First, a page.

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1.1.0h (March 27, 2018; 9 days ago (2018-03-27)[1]) [±] 1.0.2o (March 27, 2018; 9 days ago (2018-03-27)[1]) [±]

Preview release 1.1.1 beta 2 (April 3, 2018; 2 days ago (2018-04-03)[2]) [±]

Repository

https://github.com/openssl/openssl

Written in C, assembly

Type Security library

License Apache License 1.0 and four-clause BSD
BSD
License

Website www.openssl.org

OpenSSL
OpenSSL
is a software library for applications that secure communications over computer networks against eavesdropping or need to identify the party at the other end. It is widely used in internet web servers, serving a majority of all web sites. OpenSSL
OpenSSL
contains an open-source implementation of the SSL and TLS protocols. The core library, written in the C programming language, implements basic cryptographic functions and provides various utility functions. Wrappers allowing the use of the OpenSSL
OpenSSL
library in a variety of computer languages are available. Versions are available for most Unix
Unix
and Unix-like
Unix-like
operating systems (including Solaris, Linux, macOS, QNX, and the various open-source BSD operating systems), OpenVMS
OpenVMS
and Microsoft Windows. IBM provides a port for the System i (OS/400).

Contents

1 Project history 2 Major version releases 3 Algorithms 4 FIPS 140-2
FIPS 140-2
compliance 5 Licensing 6 Notable vulnerabilities

6.1 Timing attacks on RSA Keys 6.2 Denial of Service ASN.1 parsing 6.3 OCSP stapling vulnerability 6.4 ASN.1 BIO vulnerability 6.5 SSL, TLS and DTLS Plaintext Recovery Attack 6.6 Predictable private keys (Debian-specific) 6.7 Heartbleed 6.8 CCS Injection Vulnerability 6.9 ClientHello sigalgs DoS 6.10 Key Recovery Attack on Diffie Hellman small subgroups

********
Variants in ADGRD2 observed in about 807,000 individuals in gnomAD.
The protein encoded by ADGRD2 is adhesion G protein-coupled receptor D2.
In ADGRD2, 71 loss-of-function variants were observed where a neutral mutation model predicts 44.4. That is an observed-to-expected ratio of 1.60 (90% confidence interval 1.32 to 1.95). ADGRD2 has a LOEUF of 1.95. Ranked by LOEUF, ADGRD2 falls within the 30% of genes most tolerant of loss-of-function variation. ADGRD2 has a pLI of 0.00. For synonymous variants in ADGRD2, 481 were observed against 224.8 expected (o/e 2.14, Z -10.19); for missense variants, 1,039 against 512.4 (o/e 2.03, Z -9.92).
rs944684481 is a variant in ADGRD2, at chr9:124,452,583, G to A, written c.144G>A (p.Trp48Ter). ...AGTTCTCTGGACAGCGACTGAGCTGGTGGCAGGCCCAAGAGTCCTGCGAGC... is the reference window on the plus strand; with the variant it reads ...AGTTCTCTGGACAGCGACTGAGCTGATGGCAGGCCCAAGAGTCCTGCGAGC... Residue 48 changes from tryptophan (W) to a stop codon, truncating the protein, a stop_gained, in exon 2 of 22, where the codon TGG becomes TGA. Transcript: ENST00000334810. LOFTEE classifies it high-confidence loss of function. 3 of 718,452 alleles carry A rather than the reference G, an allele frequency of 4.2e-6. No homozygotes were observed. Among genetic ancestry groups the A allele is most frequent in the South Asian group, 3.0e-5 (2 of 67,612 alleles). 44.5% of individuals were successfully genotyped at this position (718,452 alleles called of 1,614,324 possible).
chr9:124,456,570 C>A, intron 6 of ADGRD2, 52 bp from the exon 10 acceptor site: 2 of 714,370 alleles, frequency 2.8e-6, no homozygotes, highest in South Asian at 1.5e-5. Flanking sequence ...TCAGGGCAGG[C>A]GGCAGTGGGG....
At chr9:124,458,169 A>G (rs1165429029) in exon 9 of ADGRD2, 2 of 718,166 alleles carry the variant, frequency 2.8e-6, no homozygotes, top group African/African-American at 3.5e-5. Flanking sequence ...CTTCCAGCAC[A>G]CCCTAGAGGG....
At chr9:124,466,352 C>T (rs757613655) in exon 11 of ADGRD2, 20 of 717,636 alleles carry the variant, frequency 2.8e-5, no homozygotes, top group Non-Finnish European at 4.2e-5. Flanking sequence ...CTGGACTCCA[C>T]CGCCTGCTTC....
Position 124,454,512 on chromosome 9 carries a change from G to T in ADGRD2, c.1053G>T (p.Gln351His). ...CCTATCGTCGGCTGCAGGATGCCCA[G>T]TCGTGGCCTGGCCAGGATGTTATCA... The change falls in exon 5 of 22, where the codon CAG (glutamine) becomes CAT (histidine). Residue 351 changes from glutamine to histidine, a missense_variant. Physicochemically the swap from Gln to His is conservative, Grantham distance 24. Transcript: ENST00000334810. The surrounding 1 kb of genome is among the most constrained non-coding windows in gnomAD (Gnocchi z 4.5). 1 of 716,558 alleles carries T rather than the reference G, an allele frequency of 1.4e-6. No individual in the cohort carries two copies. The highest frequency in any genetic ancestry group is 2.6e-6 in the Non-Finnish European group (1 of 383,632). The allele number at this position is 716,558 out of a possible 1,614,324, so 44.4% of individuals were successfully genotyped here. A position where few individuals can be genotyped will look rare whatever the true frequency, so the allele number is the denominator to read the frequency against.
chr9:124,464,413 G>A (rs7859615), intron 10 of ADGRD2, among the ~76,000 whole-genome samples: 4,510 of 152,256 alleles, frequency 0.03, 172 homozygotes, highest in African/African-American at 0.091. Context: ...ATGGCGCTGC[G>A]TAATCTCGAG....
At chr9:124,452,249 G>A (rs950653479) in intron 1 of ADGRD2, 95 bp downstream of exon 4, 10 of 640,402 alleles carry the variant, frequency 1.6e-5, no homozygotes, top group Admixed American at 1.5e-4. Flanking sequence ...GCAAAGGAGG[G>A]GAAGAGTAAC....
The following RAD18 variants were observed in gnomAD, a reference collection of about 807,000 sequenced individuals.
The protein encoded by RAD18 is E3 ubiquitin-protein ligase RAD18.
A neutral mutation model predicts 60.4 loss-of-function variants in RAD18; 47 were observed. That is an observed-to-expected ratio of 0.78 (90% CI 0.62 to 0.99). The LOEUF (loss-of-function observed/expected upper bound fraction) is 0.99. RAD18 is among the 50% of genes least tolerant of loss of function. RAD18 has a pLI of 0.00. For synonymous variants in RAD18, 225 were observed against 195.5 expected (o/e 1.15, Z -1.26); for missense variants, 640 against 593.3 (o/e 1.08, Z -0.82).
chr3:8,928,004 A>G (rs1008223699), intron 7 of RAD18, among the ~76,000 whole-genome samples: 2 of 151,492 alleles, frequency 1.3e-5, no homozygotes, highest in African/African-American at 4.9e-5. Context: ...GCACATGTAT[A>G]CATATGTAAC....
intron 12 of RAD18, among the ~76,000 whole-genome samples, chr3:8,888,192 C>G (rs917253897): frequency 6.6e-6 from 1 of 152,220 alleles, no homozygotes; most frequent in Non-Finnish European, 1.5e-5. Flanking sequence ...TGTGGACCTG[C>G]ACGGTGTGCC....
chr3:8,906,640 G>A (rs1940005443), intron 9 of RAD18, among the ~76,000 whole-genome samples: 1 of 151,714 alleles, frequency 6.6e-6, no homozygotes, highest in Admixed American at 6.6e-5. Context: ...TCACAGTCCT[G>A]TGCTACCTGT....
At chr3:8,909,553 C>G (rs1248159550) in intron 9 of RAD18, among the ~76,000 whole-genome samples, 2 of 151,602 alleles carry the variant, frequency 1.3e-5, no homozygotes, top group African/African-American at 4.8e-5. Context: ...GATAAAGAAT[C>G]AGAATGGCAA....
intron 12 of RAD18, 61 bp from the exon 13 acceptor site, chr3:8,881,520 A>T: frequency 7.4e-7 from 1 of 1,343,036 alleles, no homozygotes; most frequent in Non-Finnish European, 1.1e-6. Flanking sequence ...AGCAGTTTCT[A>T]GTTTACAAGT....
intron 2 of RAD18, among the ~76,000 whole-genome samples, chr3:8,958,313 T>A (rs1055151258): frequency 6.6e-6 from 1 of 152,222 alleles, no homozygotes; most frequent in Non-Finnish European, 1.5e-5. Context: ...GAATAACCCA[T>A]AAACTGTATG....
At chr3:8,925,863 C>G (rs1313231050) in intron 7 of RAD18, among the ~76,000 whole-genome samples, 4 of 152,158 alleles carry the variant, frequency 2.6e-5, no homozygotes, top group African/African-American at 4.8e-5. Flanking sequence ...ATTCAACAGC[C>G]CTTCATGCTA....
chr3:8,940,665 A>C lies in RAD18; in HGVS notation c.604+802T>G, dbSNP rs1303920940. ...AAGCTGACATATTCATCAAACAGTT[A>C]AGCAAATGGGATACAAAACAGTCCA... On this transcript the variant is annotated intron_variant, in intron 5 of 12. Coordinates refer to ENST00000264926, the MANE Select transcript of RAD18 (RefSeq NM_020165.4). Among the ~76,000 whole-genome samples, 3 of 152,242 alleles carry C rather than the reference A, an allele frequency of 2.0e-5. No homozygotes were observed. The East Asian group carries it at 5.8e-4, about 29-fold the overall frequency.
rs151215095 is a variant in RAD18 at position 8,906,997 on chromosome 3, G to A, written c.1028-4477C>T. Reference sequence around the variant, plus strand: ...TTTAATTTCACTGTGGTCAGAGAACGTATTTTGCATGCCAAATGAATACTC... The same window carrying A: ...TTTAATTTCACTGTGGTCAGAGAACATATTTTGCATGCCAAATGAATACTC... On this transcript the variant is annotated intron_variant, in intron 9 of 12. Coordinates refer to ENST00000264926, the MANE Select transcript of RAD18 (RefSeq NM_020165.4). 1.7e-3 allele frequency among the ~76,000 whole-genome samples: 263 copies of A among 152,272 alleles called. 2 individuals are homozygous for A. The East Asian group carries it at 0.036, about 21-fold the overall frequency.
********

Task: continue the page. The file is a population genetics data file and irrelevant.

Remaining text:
7 Forks

7.1 LibreSSL 7.2 BoringSSL

8 See also 9 References 10 External links

Project history[edit] The OpenSSL
OpenSSL
project was founded in 1998 to invent a free set of encryption tools for the code used on the Internet. It is based on a fork of SSLeay by Eric Andrew Young and Tim Hudson, which unofficially ended development on December 17, 1998, when Young and Hudson both went to work for RSA Security. The OpenSSL
OpenSSL
project management team consists of four people, and the entire development group consists of 11 members, out of which 10 are volunteers. There is only one full-time employee, Stephen Henson, the lead developer.[3] The project has a budget of less than $1 million a year and relies in part on donations. Steve Marquess, a former CIA consultant in Maryland started the foundation for donations and consultancy contracts and garnered sponsorship from the United States Department of Homeland Security and the United States Department of Defense.[3] Major version releases[edit]

OpenSSL
OpenSSL
release history[4][5]

Version Original release date Comment Last minor version

Old version, no longer supported: 0.9.1 December 23, 1998

Official start of the OpenSSL
OpenSSL
project

0.9.1c (December 23, 1998)

Old version, no longer supported: 0.9.2 March 22, 1999